Women regard cunnilingus “as among the most pleasurable heterosexual behaviors,” and some women are receiving and enjoying it more than others, research suggests. Studies of cunnilingus have provided great insight into what is different about these women and why they get more out of sex.
When you hear “oral sex,” who do you automatically imagine is performing the oral sex? Most likely, you will imagine a woman performing oral sex on a man. The media deserve a great part of the blame for this; fellatio is shown much more often than cunnilingus, and when cunnilingus is shown, it is usually only in the context of sexual intercourse or comedic scenarios (Bay-Cheng & Fava, 2010).
“Many youth are influenced by and view television and movies as sources of sexual education (Bay-Cheng & Fava);” therefore we end up associating oral sex with fellatio, specifically. Women themselves tend to say that fellatio is expected, but it would be weird if cunnilingus were expected.
In reality, the prevalence of cunnilingus has increased to levels almost equaling those of fellatio since oral sex has become extremely popular among adolescents and young adults (Bay-Cheng & Fava). Then why is cunnilingus still not as expected by women as fellatio is?
The prevalence of douches, scented pads/tampons, bikini waxes, and even “cosmetic genital surgery” (Reinholtz & Muehlenhard, 1995) are indicative of the “stigmatization of female genitalia” that women face. Even the star of the movie Twilight, idolized by many adolescent girls, had said, “I really hate vaginas. I’m allergic to vagina” (Bay-Cheng & Fava). No wonder women are worried about the taste, smell, and look of their genitalia.
Cunnilingus requires the woman’s partner to be up-close and personal with her genitalia, more so than during intercourse. In order to get the utmost pleasure from receiving oral sex, she should not be worrying about the appearance, smell, and taste of her genitalia.
Although it is easier said than done, this is extremely important because women who perceive their genitals negatively get less pleasure out of cunnilingus. The study even suggests that improvement of “genital perceptions” should be used in Sex/Couple Therapy (Reinholtz & Muehlenhard).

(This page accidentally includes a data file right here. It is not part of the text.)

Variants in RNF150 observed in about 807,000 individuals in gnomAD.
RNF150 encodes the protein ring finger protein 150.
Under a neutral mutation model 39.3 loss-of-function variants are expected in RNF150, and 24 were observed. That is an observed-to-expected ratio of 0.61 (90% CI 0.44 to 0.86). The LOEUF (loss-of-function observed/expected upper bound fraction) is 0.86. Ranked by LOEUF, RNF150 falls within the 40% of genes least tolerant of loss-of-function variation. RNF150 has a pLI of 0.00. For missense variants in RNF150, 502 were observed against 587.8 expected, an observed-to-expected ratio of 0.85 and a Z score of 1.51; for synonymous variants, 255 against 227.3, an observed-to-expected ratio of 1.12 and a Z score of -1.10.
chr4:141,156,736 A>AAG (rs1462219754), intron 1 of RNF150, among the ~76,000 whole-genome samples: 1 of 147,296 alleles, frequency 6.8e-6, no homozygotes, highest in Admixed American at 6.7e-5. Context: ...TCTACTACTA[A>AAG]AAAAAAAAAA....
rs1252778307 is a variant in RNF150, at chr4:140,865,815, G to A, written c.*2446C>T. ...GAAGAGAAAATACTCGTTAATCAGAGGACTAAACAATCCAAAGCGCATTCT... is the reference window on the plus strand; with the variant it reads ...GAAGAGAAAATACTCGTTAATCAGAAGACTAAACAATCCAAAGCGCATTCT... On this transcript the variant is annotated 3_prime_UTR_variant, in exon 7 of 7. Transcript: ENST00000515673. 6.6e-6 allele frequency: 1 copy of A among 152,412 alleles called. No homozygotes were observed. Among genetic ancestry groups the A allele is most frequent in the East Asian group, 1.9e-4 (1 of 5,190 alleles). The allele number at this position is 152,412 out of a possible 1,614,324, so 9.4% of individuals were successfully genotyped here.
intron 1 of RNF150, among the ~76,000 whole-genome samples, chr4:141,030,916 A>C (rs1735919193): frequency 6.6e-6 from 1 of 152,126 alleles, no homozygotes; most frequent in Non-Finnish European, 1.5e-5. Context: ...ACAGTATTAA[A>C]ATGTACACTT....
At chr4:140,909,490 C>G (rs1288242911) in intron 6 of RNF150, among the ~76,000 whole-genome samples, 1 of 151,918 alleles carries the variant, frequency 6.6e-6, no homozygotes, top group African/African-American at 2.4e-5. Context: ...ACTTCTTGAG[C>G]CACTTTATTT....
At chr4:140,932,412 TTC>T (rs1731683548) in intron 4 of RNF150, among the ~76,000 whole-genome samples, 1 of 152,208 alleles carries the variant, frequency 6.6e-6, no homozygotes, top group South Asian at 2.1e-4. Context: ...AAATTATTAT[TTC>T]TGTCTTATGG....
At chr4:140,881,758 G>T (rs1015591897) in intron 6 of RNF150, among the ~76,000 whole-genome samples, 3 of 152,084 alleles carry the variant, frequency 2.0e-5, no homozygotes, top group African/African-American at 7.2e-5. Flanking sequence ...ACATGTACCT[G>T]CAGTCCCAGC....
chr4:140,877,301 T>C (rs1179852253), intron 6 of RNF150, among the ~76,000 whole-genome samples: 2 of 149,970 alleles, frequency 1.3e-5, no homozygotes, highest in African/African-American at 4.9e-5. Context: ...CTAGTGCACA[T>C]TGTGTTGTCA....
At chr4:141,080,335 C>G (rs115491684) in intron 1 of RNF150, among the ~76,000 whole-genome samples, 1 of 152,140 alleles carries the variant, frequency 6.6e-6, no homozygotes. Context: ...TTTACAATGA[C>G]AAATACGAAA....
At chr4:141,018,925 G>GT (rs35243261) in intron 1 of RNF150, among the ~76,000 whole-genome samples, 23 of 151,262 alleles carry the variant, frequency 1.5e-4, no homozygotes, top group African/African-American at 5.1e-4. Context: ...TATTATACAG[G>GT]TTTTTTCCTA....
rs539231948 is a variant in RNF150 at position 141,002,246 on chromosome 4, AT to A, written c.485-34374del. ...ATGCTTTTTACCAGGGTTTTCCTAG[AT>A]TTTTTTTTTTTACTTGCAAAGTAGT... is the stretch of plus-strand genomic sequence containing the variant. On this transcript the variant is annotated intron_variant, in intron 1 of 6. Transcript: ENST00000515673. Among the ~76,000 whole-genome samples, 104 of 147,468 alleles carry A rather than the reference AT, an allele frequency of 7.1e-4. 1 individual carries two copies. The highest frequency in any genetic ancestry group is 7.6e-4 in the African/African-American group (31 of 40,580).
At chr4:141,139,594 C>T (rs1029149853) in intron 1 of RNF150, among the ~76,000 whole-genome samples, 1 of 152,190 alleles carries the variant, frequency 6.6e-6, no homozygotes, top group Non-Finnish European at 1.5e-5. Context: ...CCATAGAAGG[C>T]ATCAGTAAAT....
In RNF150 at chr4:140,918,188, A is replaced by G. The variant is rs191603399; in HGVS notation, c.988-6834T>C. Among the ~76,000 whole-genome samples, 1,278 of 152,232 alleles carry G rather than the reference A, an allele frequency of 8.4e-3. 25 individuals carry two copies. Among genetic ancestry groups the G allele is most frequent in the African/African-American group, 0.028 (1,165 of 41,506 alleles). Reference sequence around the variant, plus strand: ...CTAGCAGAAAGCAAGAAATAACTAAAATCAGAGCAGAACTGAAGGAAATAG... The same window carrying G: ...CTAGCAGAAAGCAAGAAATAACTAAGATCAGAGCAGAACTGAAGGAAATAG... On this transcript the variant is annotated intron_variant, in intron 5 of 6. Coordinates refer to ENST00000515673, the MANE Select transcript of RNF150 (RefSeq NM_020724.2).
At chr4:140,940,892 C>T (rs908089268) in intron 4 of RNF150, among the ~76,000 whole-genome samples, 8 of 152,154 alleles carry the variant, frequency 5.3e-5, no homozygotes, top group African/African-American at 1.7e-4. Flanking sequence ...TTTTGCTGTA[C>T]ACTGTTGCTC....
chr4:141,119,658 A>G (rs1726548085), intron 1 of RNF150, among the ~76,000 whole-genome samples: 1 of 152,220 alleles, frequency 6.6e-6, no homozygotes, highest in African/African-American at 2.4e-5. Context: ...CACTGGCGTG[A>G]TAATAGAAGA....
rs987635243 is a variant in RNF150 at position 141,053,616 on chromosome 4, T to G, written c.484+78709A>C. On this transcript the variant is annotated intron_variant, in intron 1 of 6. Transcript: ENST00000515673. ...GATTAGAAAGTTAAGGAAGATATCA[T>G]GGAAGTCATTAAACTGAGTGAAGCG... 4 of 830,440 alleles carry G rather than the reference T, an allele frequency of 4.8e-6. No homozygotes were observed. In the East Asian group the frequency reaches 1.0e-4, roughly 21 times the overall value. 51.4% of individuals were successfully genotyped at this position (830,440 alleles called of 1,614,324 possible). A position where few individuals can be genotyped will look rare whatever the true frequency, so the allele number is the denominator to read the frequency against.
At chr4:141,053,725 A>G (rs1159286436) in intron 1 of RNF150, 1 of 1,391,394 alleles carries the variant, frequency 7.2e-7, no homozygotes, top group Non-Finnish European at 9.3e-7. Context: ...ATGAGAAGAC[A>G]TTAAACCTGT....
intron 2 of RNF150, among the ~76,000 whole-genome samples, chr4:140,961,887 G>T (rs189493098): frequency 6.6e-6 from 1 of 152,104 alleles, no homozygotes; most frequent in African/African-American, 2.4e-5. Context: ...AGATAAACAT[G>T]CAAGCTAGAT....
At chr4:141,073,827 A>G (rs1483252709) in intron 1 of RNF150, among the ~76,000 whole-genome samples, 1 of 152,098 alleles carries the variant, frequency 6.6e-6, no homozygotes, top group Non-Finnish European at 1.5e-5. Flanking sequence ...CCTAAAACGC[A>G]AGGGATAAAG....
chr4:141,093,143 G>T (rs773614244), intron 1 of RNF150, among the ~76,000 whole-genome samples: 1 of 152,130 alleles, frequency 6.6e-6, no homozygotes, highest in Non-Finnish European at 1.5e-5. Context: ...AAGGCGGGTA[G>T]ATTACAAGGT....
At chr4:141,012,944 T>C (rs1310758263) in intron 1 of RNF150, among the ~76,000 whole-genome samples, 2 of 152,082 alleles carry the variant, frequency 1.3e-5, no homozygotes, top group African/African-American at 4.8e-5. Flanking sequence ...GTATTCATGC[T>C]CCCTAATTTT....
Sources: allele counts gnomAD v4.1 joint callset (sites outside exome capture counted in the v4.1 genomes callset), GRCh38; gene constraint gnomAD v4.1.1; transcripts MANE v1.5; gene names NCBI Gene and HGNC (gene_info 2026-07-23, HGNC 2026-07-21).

Some questionnaire and survey studies about cunnilingus provide strong evidence for the following:
- Women worry most about their genitalia during oral sex than any other sexual activity (Reinholtz & Muehlenhard)
- Women who have positive feelings about their genitalia tend to engage in more sexual activity, and get more pleasure out of it (Reinholtz & Muehlenhard)
- Young women who subjectively (they need not be perceived as attractive by others) have more attractive bodies are more likely to have ever received oral sex (Wiedermann & Hurst, 1998).
- Young women who subjectively have more attractive faces tend to have a greater number of sexual partners (Wiedermann & Hurst).
- Young women with greater “sexual esteem” believe themselves to be more attractive (Wiedermann & Hurst).
- The women “with greater sexual openness, self-awareness, and assertiveness” are associated with both earlier cunnilingus experience and more cunnilingus partners (Bay-Cheng & Fava).
Women who are comfortable with themselves and their bodies and are not afraid to ask for what they want get the cunnilingus. Although these are correlation studies and it is possible that receiving oral sex causes the woman to become sexually assertive, the findings provide strong evidence that a woman’s self-esteem and sexual esteem play significant roles in her sex life and how much she enjoys it.
If there really is a “deep-seated cultural disdain for female genitalia,” as Bay-Cheng and Fava state in their article, how should we help young women become more confident about their genitalia so that they can have more healthy and pleasurable sex lives?
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